Vyjádření generálního tajemníka OSN Ban Ki-moona k mezinárodnímu dni rodiny

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Far too many families endure chronic, punishing hardship. Lacking jobs and the means to make ends meet, adults are unable to provide adequate nutrition for children, leaving them with lifelong physical and cognitive scars. Other family members can suffer neglect and deprivation. Poverty continues to claim the lives of hundreds of thousands of women each year in childbirth.

Social exclusion is often at the root of the problem. Discrimination and unequal access to social services deprive families of the opportunity to plan a better future for their children.

Certain types of families are at particular risk, including large families, single-parent families, families where the main breadwinners are unemployed or suffer from illness or disability, families with members who suffer discrimination based on sexual orientation, and families living in urban slums or rural areas. Indigenous and migrant families, as well as those living through conflict or unrest, are also on the front lines of marginalization and deprivation.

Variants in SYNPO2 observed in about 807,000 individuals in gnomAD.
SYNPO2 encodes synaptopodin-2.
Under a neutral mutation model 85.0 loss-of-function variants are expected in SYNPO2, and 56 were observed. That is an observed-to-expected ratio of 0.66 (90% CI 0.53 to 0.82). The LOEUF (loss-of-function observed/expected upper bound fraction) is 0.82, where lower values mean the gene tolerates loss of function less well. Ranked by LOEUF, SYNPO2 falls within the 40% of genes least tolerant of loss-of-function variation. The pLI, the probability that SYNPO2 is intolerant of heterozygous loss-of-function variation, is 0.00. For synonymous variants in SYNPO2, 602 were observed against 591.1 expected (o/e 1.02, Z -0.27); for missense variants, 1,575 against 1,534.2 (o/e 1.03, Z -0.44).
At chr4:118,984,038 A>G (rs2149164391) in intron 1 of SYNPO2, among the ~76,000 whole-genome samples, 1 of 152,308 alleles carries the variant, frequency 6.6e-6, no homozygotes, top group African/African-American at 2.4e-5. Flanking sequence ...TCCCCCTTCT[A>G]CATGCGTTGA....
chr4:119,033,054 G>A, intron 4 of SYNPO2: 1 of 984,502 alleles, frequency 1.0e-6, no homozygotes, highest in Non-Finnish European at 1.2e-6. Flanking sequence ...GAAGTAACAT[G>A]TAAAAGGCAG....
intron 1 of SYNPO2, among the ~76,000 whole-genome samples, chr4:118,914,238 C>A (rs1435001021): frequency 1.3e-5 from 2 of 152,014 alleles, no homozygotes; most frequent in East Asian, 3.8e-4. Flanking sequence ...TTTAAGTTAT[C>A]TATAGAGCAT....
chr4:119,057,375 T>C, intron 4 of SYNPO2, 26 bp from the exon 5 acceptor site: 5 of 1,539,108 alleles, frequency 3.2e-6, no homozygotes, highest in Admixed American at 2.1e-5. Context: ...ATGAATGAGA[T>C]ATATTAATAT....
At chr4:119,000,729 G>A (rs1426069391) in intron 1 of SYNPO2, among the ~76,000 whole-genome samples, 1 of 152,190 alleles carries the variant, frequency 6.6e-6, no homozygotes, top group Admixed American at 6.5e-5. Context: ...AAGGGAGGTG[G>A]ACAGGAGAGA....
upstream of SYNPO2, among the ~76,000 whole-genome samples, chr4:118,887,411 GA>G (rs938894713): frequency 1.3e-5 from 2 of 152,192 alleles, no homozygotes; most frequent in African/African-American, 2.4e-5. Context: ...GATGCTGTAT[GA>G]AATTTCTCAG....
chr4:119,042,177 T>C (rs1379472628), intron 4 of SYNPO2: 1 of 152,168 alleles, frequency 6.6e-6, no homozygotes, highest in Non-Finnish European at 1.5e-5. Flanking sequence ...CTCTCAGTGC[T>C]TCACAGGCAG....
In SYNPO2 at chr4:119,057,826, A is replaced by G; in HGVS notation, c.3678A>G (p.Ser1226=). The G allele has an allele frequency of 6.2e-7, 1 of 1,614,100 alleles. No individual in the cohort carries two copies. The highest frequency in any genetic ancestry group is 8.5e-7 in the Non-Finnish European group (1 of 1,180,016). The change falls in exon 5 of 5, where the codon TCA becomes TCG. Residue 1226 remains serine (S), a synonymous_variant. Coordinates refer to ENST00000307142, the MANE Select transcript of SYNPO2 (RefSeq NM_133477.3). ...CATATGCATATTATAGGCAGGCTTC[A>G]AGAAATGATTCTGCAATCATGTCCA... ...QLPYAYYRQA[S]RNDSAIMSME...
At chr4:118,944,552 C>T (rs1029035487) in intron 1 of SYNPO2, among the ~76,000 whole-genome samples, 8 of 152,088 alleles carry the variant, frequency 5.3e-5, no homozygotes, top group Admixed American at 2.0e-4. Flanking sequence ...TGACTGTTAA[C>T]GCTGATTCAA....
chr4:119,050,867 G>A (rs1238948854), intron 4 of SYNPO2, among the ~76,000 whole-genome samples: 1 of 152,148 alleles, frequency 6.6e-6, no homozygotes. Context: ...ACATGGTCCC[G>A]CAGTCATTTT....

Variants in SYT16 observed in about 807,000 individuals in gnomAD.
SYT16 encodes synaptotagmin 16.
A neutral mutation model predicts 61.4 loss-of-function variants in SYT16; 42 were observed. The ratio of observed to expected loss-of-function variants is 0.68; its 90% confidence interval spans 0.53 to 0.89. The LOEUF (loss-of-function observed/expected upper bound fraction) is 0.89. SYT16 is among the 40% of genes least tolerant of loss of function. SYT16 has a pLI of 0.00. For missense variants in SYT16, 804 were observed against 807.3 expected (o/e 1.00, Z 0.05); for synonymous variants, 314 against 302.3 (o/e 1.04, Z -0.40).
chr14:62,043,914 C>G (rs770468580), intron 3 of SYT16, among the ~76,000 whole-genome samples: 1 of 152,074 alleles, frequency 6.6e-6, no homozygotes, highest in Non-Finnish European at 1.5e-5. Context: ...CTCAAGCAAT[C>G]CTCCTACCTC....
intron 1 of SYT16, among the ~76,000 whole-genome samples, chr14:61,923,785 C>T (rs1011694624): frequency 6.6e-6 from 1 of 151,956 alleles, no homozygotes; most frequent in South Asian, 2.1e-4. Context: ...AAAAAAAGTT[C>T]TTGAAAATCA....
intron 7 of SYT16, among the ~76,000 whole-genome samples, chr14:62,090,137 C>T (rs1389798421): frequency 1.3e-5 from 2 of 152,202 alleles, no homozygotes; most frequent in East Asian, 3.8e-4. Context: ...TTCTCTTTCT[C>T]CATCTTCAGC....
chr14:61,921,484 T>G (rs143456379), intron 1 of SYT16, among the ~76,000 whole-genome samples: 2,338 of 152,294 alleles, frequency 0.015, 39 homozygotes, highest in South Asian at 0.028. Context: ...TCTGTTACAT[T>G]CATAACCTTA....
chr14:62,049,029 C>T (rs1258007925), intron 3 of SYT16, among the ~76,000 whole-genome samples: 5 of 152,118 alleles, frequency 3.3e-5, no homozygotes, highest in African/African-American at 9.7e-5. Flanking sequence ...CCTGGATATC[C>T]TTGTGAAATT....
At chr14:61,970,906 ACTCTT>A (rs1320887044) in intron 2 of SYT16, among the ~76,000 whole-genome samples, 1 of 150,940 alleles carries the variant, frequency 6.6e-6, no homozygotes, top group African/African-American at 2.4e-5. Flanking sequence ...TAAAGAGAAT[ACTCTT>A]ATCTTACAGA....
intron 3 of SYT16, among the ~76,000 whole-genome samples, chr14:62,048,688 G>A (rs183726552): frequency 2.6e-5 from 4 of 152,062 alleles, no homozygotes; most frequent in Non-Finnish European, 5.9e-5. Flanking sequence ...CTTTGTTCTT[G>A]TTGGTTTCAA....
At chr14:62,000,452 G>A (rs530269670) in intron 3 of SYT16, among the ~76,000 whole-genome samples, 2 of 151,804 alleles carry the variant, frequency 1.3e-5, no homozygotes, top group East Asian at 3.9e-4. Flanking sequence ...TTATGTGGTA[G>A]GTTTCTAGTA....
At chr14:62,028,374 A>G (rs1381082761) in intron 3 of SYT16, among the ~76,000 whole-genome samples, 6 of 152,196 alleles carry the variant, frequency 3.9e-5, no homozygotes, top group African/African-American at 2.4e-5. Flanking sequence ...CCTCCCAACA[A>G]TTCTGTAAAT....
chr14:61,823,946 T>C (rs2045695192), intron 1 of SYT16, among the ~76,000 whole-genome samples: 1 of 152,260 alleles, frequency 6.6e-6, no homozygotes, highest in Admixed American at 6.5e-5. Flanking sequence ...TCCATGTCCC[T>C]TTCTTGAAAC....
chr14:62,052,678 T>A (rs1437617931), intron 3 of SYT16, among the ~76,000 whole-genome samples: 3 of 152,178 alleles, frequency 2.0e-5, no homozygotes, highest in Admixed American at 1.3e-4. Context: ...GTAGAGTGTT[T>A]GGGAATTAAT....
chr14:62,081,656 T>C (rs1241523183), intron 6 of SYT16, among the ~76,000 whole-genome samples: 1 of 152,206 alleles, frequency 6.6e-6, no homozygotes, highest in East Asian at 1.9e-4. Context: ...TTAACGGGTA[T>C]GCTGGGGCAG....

A number of governments have adopted family-focused strategies, including cash transfer programmes, child allowances, tax incentives and specific gender- and child-sensitive social protection measures. An expansion of these policies, which can improve the nutrition and educational status of children, can help end cycles of poverty that persist across generations.

On this International Day of Families, let us resolve to support families as they nurture the young, care for the old and foster strong communities built on tolerance and dignity for all.